Bush declares immunity from Patriot Act oversight

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Friday, March 24, 2006

On March 9, 2006, U.S. President George Bush signed the reauthorization of the Patriot Act, which contained requirements for Congressional oversight of Executive use of the Act's powers. In a statement immediately following the signing ceremony, however, it was revealed that Bush "did not feel obliged to obey requirements that he inform Congress about how the FBI was using the act's expanded police powers."

Such signing statements typically allow the President to inform Congress about how he interprets the bill he has just signed into law. However, Bush's declaration that he would not follow the oversight rules if doing so would "impair foreign relations, national security, the deliberative process of the executive, or the performance of the executive's constitutional duties" is seen as extraordinary by legal scholars, who feel it contradicts language in the bill directly, and may violate the system of check-and-balance on which the U.S. government is founded.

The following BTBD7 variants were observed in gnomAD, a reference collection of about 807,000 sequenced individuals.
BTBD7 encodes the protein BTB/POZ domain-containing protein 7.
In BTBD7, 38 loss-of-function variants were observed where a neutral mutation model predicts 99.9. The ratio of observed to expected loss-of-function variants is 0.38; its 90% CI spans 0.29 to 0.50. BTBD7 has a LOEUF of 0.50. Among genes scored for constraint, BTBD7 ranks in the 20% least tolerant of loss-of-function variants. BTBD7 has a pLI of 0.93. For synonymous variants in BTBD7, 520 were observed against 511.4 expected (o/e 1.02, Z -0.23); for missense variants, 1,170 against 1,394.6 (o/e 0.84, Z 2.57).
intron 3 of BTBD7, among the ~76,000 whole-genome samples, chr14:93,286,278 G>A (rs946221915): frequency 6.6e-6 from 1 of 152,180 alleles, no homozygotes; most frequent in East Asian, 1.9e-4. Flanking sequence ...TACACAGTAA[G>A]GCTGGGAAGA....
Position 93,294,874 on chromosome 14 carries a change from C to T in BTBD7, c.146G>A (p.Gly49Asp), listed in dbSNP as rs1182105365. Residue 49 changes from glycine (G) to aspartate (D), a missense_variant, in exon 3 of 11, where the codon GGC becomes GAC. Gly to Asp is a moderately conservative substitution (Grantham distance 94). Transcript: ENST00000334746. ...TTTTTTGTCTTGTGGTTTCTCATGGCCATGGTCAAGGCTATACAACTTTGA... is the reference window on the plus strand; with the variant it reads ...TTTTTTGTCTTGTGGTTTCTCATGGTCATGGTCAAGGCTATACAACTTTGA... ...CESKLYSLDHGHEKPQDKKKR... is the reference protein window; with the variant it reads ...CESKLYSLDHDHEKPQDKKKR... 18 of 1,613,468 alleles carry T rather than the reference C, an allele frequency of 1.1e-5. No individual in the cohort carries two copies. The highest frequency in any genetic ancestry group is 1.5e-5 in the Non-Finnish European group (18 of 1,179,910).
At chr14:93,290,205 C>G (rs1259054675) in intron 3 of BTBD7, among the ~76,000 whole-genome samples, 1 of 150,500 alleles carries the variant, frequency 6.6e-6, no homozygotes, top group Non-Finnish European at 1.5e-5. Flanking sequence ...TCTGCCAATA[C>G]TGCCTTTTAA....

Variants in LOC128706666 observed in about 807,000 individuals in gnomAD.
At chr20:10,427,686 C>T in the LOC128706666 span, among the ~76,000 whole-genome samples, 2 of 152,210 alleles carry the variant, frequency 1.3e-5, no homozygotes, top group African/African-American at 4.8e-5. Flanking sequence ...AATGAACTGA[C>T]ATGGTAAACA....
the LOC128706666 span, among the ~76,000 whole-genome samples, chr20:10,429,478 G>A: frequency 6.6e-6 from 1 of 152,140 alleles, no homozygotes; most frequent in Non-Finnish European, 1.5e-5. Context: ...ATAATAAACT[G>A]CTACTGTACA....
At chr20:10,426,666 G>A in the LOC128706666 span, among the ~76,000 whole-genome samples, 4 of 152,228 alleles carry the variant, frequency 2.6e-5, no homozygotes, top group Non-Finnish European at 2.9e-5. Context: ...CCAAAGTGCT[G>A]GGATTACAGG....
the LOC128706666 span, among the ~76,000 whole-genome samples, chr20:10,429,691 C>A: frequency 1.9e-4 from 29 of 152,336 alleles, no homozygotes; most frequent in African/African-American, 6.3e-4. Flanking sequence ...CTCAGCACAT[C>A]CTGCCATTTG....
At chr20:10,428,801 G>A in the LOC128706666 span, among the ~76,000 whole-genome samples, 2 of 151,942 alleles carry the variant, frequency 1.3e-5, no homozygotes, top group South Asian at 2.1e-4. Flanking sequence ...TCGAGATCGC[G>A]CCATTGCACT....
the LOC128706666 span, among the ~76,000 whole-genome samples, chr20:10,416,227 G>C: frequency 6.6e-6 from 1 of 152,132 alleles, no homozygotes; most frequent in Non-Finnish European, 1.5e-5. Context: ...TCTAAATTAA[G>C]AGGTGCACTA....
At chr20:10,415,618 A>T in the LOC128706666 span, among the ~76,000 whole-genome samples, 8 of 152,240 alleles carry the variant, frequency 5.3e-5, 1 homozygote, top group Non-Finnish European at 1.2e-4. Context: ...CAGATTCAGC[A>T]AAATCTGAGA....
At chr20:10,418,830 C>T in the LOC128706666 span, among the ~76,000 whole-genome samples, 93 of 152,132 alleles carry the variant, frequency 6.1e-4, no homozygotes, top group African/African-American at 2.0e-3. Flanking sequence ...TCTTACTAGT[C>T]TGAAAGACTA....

The controversy surrounding the statement follows several other high-profile cases where Bush has claimed constitutional authority to bypass a law, including a claim that wartime powers permitted wiretaps of international phone calls without warrants, and a signing statement bypassing the McCain Detainee Amendment.

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